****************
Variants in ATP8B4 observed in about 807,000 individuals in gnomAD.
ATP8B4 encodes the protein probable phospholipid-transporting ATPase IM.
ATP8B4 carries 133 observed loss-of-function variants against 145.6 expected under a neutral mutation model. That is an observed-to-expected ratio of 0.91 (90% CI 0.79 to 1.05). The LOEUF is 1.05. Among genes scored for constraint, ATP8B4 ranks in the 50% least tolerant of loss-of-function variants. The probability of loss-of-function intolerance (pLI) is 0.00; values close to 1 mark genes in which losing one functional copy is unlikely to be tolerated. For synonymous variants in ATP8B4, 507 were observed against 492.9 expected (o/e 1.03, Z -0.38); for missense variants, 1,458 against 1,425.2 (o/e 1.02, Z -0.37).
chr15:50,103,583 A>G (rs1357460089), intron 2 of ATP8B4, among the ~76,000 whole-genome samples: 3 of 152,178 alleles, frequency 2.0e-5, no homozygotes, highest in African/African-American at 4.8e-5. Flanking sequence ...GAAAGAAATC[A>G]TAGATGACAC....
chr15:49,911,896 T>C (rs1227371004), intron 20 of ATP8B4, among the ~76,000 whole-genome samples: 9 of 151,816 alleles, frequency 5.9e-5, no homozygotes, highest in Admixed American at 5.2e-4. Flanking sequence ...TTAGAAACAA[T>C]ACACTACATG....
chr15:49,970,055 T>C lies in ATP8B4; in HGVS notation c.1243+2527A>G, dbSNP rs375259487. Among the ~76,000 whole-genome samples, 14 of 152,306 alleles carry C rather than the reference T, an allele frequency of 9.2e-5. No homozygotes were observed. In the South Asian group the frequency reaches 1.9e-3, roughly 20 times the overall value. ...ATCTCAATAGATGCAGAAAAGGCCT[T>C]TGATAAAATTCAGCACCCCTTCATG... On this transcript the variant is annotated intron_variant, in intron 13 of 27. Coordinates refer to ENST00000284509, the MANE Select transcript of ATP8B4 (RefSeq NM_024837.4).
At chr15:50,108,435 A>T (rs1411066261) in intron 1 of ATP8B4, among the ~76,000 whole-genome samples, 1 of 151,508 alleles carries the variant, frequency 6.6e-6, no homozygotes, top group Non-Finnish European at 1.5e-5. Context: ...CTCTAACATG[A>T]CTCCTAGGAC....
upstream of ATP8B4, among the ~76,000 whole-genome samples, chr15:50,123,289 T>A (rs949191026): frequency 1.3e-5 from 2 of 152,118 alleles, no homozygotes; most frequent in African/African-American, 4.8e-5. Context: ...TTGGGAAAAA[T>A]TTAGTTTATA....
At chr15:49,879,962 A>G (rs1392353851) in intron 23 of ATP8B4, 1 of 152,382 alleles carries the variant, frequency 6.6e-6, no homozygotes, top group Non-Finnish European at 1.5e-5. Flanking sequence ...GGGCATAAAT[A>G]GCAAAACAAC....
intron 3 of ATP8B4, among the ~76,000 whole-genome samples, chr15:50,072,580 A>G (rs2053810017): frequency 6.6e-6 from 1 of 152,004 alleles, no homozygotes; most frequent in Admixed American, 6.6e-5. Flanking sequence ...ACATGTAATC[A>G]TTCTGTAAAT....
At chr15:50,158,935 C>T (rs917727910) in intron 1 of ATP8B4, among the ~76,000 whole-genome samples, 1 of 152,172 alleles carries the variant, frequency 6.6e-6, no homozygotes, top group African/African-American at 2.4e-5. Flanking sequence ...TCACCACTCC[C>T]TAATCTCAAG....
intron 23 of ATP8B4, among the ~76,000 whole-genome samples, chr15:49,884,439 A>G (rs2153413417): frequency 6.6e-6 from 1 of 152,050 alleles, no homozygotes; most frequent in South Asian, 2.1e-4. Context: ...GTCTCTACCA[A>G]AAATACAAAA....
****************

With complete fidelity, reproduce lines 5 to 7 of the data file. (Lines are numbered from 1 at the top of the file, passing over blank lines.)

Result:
chr15:49,911,896 T>C (rs1227371004), intron 20 of ATP8B4, among the ~76,000 whole-genome samples: 9 of 151,816 alleles, frequency 5.9e-5, no homozygotes, highest in Admixed American at 5.2e-4. Flanking sequence ...TTAGAAACAA[T>C]ACACTACATG....
chr15:49,970,055 T>C lies in ATP8B4; in HGVS notation c.1243+2527A>G, dbSNP rs375259487. Among the ~76,000 whole-genome samples, 14 of 152,306 alleles carry C rather than the reference T, an allele frequency of 9.2e-5. No homozygotes were observed. In the South Asian group the frequency reaches 1.9e-3, roughly 20 times the overall value. ...ATCTCAATAGATGCAGAAAAGGCCT[T>C]TGATAAAATTCAGCACCCCTTCATG... On this transcript the variant is annotated intron_variant, in intron 13 of 27. Coordinates refer to ENST00000284509, the MANE Select transcript of ATP8B4 (RefSeq NM_024837.4).
At chr15:50,108,435 A>T (rs1411066261) in intron 1 of ATP8B4, among the ~76,000 whole-genome samples, 1 of 151,508 alleles carries the variant, frequency 6.6e-6, no homozygotes, top group Non-Finnish European at 1.5e-5. Context: ...CTCTAACATG[A>T]CTCCTAGGAC....